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Prepared for School, but Prepared for Learning?

As the start of a new school year approaches, I often ponder how many kids arrive at school fully prepared to EMBRACE LEARNING.

While many children sport the latest school gear, backpacks, and have had physical check-ups, there’s often one critical need overlooked: a thorough eye examination from an eye care professional.

This is a crucial step—one of the most vital—but regrettably, it’s frequently neglected. Numerous kids grapple with undiagnosed vision issues, commonly mistaken for learning disorders, ADHD, work avoidance, or behavioral issues.

The notion that children should be visually prepared to learn is gaining traction among policymakers. States like Kentucky, Missouri, and Illinois have enacted laws mandating compulsory eye exams for kids before they enter school, and there’s even a federal bill introduced in the Senate addressing this matter.

Keep in mind that 80% of the information processed by your child’s brain relies on their primary sense: vision

Vision encompasses more than having 20/20 sight. For instance, it involves coordinated eye muscles and maintaining focus at close range, akin to a fine motor task. Children with weak muscle tone often experience Convergence Insufficiency, a condition where their eyes struggle to converge when focusing on tasks like computer use, reading, schoolwork, or homework. Surprisingly, over 57% of school-age kids have undiagnosed vision issues because they’ve never undergone a thorough vision assessment by an eye doctor, a condition commonly missed by screenings.

While vision screenings can uncover severe vision problems, they often fall short and overlook many issues. This raises significant concerns about the efficacy of screening programs. They may mistakenly reassure individuals who “pass” the screening, delaying necessary examination and treatment for those who have actual vision problems. Moreover, these screenings primarily test distance vision, neglecting to assess near vision focus, eye coordination, or eye health. In many cases, screenings are administered by personnel or volunteers with minimal training, lacking the expertise of an eye care practitioner who dedicates years to studying vision.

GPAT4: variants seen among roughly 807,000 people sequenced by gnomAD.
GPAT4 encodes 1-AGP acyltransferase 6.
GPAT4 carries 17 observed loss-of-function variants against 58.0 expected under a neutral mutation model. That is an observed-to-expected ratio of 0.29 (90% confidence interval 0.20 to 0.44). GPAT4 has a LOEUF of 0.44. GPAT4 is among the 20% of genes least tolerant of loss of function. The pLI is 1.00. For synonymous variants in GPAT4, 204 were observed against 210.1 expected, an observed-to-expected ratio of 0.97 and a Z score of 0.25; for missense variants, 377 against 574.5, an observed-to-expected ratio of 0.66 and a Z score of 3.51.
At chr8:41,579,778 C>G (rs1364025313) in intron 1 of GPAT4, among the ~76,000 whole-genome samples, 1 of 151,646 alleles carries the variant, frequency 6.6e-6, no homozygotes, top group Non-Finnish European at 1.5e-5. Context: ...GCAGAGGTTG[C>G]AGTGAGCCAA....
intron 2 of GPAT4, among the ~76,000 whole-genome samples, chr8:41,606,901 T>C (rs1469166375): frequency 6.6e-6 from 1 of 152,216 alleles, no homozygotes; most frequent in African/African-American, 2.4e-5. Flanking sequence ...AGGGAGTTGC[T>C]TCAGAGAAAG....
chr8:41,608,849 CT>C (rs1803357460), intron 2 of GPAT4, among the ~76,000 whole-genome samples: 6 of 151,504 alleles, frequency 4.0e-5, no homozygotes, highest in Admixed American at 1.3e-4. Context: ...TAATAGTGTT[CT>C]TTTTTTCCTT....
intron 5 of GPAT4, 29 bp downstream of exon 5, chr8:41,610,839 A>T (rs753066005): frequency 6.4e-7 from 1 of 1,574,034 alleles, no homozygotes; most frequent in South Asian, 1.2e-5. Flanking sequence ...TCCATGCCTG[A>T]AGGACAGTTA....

There’s often a misconception regarding what passing a vision screening indicates. Just as a normal blood pressure reading doesn’t guarantee absence of other health issues, passing a screening provides only a single aspect of eye health. Similar to a comprehensive physical for overall health, a complete eye and vision examination is imperative for evaluating the entirety of eye health and vision status.

A comprehensive eye and vision examination can only be conducted by an optometrist or ophthalmologist, who has the training to screen and diagnose in eye structure and refraction. If your child has struggle from learning, learning disorder or special needs, make sure to see an eye care practitioner who has a fellowship in vision development (F.C.O.V.D.behind their Professional name), specialize in Functional, Vision information processing and Neuro-Vision Therapy.



Adult Vt To Correct Strabismus And Surgery

Adult Vt To Correct Strabismus And Surgery

Born with strabismus, the author had several surgeries as a child that initially improved their condition. However, during adolescence, their eye turn worsened due to stress and affected their self-esteem. A botched surgery in adulthood further worsened their condition, causing double vision and limited eye movement. After discovering Vision Therapy, they began treatment which was initially slow but eventually led to significant improvements. The author wishes they had been taught resilience, self-worth, and trust in non-invasive healing methods earlier in life. They are grateful for the support from professionals and communities dealing with similar challenges.



Achromatopsia (ACHM) is total color blindness caused by genetic changes in retinal cones, leading to blurry vision, light sensitivity, and lack of color perception.